Look, mines take decades to bring in from discovery of ore to quantifying potential through to acquiring investment, to project start and on to selling the first kilo of mineral/element. In the middle there is much painful risk, the most always overlooked need to provide for the creation of supporting infrastructure (most of these mines are going to have to be located in remote places where the transport infrastructure and electrical power supply is presently absent so it all has to be built), the need to find highly talented loyal people who are willing and able to travel to these usually inhospitable places (these people are rare and expensive; worse is they generally they have a modest shelf-life- you do not have them staying in weird places forever) and then the issue of creating refining and winning plant. All of this is hugely problematic, risky and definitely non-trivial. None of it can be ignored or wished away with the wave of the hand and magical incantation (like “government support”, “new technology”, “will of the people” and so on). Oh, and none of it is environmental at all! It is all dirty, dirty stuff. But one may suppose that if it happens overseas and poisons only the natives it’s OK so long as it remains out of sight and off the TV.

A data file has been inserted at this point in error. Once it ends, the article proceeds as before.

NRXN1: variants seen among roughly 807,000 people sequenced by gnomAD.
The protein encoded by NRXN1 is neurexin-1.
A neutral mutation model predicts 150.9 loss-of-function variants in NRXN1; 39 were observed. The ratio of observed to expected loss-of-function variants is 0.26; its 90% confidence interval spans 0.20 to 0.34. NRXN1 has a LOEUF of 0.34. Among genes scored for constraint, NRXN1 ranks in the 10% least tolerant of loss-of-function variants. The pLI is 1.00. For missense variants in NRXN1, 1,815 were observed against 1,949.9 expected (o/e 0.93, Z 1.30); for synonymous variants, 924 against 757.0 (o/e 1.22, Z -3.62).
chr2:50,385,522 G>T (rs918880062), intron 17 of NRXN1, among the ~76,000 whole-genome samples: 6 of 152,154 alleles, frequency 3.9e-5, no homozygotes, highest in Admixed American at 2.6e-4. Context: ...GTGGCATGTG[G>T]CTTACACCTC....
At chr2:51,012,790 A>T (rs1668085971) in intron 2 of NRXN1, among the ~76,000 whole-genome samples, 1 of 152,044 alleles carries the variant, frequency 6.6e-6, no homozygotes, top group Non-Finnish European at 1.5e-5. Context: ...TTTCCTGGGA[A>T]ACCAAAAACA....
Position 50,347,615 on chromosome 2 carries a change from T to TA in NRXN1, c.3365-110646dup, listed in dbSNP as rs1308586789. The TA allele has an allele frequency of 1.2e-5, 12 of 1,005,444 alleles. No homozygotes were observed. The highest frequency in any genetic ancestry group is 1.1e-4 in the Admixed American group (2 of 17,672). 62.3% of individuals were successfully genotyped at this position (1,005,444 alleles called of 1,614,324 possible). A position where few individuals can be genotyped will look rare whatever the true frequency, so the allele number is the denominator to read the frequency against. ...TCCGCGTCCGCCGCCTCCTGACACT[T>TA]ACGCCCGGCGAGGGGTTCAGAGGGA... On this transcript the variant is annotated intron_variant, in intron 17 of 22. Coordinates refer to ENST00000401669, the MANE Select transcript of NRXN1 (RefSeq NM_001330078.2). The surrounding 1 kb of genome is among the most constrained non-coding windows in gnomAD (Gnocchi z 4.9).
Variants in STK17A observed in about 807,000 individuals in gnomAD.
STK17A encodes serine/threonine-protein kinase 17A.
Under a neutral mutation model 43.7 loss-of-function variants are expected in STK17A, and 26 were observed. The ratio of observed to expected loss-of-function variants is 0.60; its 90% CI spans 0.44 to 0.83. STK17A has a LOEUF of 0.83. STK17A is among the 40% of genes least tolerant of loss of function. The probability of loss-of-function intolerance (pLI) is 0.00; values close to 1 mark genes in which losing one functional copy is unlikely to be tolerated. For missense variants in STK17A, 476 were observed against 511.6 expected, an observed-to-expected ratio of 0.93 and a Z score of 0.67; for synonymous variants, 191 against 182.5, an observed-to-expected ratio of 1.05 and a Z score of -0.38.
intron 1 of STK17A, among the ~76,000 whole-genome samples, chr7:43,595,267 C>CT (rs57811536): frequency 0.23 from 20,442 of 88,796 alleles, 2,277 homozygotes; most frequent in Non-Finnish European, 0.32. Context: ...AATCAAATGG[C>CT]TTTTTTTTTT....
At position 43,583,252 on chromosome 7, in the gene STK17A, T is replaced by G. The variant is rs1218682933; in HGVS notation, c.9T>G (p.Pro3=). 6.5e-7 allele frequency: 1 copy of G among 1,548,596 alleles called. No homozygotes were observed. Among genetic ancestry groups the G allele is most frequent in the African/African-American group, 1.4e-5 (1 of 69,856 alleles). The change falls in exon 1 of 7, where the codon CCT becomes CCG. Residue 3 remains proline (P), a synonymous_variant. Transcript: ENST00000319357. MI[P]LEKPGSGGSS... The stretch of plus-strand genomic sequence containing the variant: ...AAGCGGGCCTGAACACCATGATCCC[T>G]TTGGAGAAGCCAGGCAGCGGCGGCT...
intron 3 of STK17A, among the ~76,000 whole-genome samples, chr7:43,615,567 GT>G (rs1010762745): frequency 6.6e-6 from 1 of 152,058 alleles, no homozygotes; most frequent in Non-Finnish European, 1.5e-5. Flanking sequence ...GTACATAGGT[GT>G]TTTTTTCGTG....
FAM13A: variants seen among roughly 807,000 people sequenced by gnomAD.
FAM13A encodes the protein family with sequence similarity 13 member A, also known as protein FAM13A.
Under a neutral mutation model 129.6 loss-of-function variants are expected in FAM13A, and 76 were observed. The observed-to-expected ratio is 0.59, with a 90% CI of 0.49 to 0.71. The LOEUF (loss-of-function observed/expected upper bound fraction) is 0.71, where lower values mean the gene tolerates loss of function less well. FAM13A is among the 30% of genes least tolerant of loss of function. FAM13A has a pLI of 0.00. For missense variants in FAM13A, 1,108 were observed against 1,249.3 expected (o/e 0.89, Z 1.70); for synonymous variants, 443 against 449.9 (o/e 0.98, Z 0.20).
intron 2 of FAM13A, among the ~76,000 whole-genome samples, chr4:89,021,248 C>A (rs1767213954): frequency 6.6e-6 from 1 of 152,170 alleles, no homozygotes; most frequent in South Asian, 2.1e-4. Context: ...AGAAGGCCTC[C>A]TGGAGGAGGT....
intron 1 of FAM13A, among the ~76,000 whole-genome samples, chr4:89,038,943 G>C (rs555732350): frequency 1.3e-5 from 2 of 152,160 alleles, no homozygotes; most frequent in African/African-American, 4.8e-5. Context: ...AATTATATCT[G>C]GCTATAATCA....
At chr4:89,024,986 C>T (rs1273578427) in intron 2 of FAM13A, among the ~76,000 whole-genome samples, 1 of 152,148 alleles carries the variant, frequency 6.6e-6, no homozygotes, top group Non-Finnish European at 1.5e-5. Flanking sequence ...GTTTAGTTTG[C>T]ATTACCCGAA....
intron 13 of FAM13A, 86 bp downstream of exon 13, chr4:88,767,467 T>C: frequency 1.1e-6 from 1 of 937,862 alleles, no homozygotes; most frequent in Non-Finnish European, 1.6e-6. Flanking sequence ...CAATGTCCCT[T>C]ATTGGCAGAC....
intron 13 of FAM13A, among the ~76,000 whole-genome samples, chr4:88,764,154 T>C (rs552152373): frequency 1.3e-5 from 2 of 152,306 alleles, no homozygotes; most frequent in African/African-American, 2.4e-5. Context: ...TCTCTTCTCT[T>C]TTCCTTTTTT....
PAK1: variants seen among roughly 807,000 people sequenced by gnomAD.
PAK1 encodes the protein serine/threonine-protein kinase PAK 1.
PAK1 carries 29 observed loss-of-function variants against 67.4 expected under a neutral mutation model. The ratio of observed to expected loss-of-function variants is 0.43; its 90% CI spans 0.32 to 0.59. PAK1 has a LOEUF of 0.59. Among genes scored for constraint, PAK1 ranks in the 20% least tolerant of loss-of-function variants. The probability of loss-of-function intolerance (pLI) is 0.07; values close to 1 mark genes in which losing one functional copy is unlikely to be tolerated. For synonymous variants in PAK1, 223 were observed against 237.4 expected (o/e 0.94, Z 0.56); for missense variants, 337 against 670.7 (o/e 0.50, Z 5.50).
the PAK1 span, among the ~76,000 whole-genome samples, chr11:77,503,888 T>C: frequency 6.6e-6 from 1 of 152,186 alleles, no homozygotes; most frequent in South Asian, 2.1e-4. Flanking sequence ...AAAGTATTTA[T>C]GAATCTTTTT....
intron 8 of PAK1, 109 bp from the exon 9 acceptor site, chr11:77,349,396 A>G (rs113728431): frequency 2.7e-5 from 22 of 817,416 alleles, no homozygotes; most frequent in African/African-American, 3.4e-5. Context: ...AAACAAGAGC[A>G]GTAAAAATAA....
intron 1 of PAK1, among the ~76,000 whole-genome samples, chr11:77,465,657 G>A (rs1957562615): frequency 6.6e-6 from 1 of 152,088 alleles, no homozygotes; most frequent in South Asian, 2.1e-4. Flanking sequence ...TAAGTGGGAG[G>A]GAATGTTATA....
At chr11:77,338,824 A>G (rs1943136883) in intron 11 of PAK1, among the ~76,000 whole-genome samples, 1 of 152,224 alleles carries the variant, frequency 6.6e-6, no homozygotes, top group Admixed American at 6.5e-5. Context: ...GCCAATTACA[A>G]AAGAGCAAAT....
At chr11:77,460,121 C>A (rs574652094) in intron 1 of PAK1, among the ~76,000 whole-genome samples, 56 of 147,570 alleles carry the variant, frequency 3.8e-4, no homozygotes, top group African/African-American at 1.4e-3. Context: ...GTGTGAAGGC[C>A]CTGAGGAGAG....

Now we come to “re-cycling”. Tackle lithium for a start. There is none really. It can be pulled out of dead batteries and used as an additive for concrete (although few even bother with this). Basically it is a once through and then it gets chucked back into the environment somewhere random- hopefully it doesn’t get into the food chain or the water table…. hopefully. Check out the other materials and see what you find. Not all such good news is it? Yet no-one takes any of this seriously, not Robert anyhow.

    Now, as a person who has spent decades looking at this sort of stuff and directing my own money into it, I find the fluffy ramblings of the techno-idiocracy irritating in its meaninglessness, ignorance and, worse, in its misleading deception of ordinary people. Wishing popular myths to come true is a terrible waste of mind-width. Promoting them is unconscionable. What really is demanded is these vacuous opinion “leaders” and ignorant politicians shut up. They do not know what they are asking for. They have no idea of the topic for which they pretend an expertise. What is needed is a little undertaking in rationality, self-directed research, analysis and learning. Now THAT is difficult to promote!